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What is Financial Leverage?

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  • Written By: Malcolm Tatum
  • Edited By: Bronwyn Harris
  • Last Modified Date: 12 July 2014
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    Conjecture Corporation
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Financial leverage is a process that involves borrowing resources that are paired with existing assets and utilized to bring about a desired outcome to a financial deal. In some cases, the financial leveraging is used to enhance the chances for increasing the return earned on equity or some type of investment in the stock market. At other times, the strategy may be used as a means of blocking a specific outcome that could be detrimental to the investor in the long run.

As part of the process of leveraging, the borrowing can take on several forms. Obtaining loans for additional cash resources may be one means of initiating a leverage strategy. Purchasing debt, such as in acquiring the mortgage of a competitor, is another means of gaining some degree of leverage in a given business move. Trading investments on the margin extended to an investor by a brokerage firm can also be viewed as a form of financial leverage.

The degree of financial leverage required to achieve the desired outcome will vary, based on several factors. First, there is the relationship between the assets in hand and the amount of the loan or acquired debt that is needed to successfully execute the deal. This is a key element, as an unfavorable financial leverage ratio between assets and loans or debt may put the entire strategy at great risk and create severe financial hardship in the event that the deal does not go as planned.

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Along with maintaining a favorable ratio, it is also important to measure the degree of financial leverage inherent in the proposed deal. The best way to understand what is meant by degree as it relates to leverage is projecting the percentage change in the amount of earnings that is gained or lost on each share or unit involved with the deal. This degree is calculated before any applicable interests or taxes are accounted for, rather than afterward.

Operating financial leverage is another factor to consider. In its broadest application, this factor has to do with the positive or negative impact that the leveraging process is likely to have on the general operation of the entity that is initiating the proposed strategy. In terms of an individual investor, it is important to consider whether or not the leveraging process will temporarily inhibit the usual financial operations of the individual, or whether he or she can continue to function financially without making any changes or concessions.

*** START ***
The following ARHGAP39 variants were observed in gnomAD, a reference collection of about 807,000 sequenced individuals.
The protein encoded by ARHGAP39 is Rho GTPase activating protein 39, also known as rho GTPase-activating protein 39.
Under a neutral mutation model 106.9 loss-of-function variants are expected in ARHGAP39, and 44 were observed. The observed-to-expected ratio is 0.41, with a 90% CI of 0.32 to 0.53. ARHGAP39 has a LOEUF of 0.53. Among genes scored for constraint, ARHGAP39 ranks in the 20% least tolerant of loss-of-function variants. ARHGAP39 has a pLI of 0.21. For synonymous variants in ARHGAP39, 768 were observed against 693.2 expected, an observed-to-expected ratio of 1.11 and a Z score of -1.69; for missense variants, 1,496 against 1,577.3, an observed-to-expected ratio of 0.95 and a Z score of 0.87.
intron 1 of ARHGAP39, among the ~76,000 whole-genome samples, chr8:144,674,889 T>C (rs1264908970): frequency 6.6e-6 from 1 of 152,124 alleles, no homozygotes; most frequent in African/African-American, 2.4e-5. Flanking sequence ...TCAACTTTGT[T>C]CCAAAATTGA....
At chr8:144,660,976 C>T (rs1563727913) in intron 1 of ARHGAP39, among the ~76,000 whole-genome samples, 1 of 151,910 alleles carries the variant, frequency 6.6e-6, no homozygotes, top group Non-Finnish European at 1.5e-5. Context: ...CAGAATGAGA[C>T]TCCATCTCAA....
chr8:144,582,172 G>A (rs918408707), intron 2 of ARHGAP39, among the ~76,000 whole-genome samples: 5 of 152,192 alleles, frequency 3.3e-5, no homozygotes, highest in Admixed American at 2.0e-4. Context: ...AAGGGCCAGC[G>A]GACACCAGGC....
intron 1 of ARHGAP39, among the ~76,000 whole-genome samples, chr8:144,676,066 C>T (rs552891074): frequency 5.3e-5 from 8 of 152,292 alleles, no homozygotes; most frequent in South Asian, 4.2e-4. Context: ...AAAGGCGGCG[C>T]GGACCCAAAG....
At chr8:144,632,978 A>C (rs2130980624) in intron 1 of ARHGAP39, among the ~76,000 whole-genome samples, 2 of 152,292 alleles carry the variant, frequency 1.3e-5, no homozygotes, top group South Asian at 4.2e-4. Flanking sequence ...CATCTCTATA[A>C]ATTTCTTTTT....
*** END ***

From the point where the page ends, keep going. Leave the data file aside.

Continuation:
The focus of any type of leveraging is usually to better the financial position of an individual or entity in some way. Often, the approach is employed when there is a very good chance at success and that success can be significantly increased in terms of a return by augmenting existing resources with others that are borrowed for the short term. As with any type of financial growth strategy, it is a good idea to investigate the potential outcomes of any financial leveraging strategy before engaging the strategy. This means looking at worst case scenarios as well as what gains could be achieved under the best of circumstances.

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Discuss this Article

BambooForest
Post 2

Any business dealing involving buying another company's assets, be they debt, mortgage, or capital, can be tricky. But I suppose in the business world, that's part of the point.

surfNturf
Post 1

Whenever I think of high financial leverage deals I always think of Bank of America buying out Countrywide in 2008. Bank of America’s financial leverage deal with Countrywide was an effort for Bank of America to finally own the mortgage market.

However, as a result of poor performing loans and foreclosure litigation this aspect of Bank of America’s business has not turned a profit in three years.

To make matters worse they lost close to $5 billion dollars last quarter and their stock price has dipped to only $14 a share. If this isn’t negative financial leverage, I don’t know what is.

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